The Nice Guys is a film written and directed by Shane Black, who is most recently famous for writing and directing Iron Man 3 (AKA, the death of the stand-alone Iron Man movies). Black was originally famous for writing the majority of the Lethal Weapon series, which may not be the original, but definitely owned the buddy-cop movie genre in the late 80’s.
To me, buddy-cop movies are always hit-or-miss. There have been a few decent ones in recent memory, one of which seems to have been the inspiration for this film’s title, The Other Guys. Films in this genre tend to follow the same general plot-line and the same roles for their main characters. That being said, I need to say that I don’t really think The Nice Guys was an exception to this rule at all. I was very excited to see this movie, especially after seeing the fantastic reviews it was receiving pre and post-release (it currently has a 90% on Rotten Tomatoes). But after seeing the film and leaving the theater, I was almost conflicted, because I so desperately wanted to love this movie. Was it bad? No. But it did not live up to my expectations at all.
I’m becoming a little concerned with the trend my reviews seem to be taken. Looking back at my more recent reviews, you’ll find that many are about currently critically acclaimed films that are doing very well for themselves in the box-office and especially among the film community as a whole. I wanted to take a moment to ensure to my readers that I am not a contrarian. I will never not like a film simply for its popularity or undeserving high-praise. I will only ever give you honest reviews, even if it means going against the rest of the film community.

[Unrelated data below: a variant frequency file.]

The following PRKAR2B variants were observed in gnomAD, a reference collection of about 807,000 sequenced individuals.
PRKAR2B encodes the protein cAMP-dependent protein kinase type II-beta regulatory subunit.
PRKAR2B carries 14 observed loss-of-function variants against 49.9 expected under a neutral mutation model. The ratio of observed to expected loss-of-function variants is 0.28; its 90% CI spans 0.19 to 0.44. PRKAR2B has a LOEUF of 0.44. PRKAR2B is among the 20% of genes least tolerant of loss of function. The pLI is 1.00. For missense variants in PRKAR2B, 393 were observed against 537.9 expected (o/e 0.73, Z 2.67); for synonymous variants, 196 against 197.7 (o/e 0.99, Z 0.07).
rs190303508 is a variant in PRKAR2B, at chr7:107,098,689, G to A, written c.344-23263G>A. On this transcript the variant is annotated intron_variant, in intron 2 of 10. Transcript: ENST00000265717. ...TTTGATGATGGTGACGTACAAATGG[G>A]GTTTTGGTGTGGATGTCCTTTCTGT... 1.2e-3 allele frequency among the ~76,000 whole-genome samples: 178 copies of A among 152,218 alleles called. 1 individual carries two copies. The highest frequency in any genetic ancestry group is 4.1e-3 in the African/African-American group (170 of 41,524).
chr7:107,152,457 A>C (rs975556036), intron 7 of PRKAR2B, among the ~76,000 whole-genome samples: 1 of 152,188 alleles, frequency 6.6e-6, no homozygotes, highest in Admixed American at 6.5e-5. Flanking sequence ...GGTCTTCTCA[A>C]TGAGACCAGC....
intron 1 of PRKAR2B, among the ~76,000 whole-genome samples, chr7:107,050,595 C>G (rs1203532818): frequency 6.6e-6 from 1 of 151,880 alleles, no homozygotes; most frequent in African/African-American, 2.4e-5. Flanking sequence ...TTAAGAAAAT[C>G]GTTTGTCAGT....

This aspect of the film is what really concerned me the most. The first act of this story is very slow, and borderline stupid. I found it very hard to laugh at the absurdity of the characters and the choices they make in the beginning of the film. I will say that the first half does a pretty good job of developing the characters, but a very poor job of developing the plot. To me, the first half was way too similar to The Big Lebowski, but wasn’t nearly as charming or funny. Two guys are looking for a young woman who has gone missing and doesn’t want to be found, she is very close to someone very rich and powerful, there may or may not be people trying to kill her, and the porn industry is very involved in the story’s plot. If you can sit there and tell me that if I added bowling somewhere into mix of that description that I still wouldn’t be talking about The Big Lebowski, then you must be crazy.
The second half of the film (although I want to say is way too similar to The Other Guys) definitely picks things up. I was laughing for most of the second half and thought the writing was very clever. All the things I thought were meaningless time wasters actually ended up making sense as the movie progressed.
One thing in particular that really “bugged” me about the film was the hallucination sequence that is probably right at the half-way point. I hate hallucination sequences, especially in comedy movies, because they seem to be very lazily written in and really do not advance the plot in any way. Very rarely do I find them funny, and this one was no exception.